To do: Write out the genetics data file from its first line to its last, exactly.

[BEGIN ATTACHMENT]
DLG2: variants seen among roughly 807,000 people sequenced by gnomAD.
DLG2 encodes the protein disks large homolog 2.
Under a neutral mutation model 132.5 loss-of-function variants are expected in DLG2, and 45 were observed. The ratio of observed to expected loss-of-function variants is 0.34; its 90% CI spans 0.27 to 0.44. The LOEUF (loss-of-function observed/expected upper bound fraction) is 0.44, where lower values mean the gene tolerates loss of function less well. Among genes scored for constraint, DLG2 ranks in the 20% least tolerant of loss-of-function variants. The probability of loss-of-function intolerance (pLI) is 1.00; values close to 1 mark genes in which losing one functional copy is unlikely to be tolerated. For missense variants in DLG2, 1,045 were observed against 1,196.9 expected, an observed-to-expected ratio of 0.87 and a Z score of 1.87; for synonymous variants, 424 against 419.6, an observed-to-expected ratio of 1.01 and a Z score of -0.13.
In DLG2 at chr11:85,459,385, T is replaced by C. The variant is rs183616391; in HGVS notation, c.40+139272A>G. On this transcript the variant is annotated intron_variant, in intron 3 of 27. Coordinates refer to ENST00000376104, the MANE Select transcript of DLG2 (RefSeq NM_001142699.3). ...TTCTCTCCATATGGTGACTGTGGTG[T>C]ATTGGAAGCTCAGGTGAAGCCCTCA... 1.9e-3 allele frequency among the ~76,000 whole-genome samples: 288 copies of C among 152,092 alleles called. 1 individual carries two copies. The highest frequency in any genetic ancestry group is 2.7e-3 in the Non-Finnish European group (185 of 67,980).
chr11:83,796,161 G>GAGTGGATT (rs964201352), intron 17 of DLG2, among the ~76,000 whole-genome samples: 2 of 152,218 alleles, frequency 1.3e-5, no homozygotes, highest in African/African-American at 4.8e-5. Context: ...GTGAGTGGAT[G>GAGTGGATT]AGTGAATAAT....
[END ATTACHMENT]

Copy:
DLG2: variants seen among roughly 807,000 people sequenced by gnomAD.
DLG2 encodes the protein disks large homolog 2.
Under a neutral mutation model 132.5 loss-of-function variants are expected in DLG2, and 45 were observed. The ratio of observed to expected loss-of-function variants is 0.34; its 90% CI spans 0.27 to 0.44. The LOEUF (loss-of-function observed/expected upper bound fraction) is 0.44, where lower values mean the gene tolerates loss of function less well. Among genes scored for constraint, DLG2 ranks in the 20% least tolerant of loss-of-function variants. The probability of loss-of-function intolerance (pLI) is 1.00; values close to 1 mark genes in which losing one functional copy is unlikely to be tolerated. For missense variants in DLG2, 1,045 were observed against 1,196.9 expected, an observed-to-expected ratio of 0.87 and a Z score of 1.87; for synonymous variants, 424 against 419.6, an observed-to-expected ratio of 1.01 and a Z score of -0.13.
In DLG2 at chr11:85,459,385, T is replaced by C. The variant is rs183616391; in HGVS notation, c.40+139272A>G. On this transcript the variant is annotated intron_variant, in intron 3 of 27. Coordinates refer to ENST00000376104, the MANE Select transcript of DLG2 (RefSeq NM_001142699.3). ...TTCTCTCCATATGGTGACTGTGGTG[T>C]ATTGGAAGCTCAGGTGAAGCCCTCA... 1.9e-3 allele frequency among the ~76,000 whole-genome samples: 288 copies of C among 152,092 alleles called. 1 individual carries two copies. The highest frequency in any genetic ancestry group is 2.7e-3 in the Non-Finnish European group (185 of 67,980).
chr11:83,796,161 G>GAGTGGATT (rs964201352), intron 17 of DLG2, among the ~76,000 whole-genome samples: 2 of 152,218 alleles, frequency 1.3e-5, no homozygotes, highest in African/African-American at 4.8e-5. Context: ...GTGAGTGGAT[G>GAGTGGATT]AGTGAATAAT....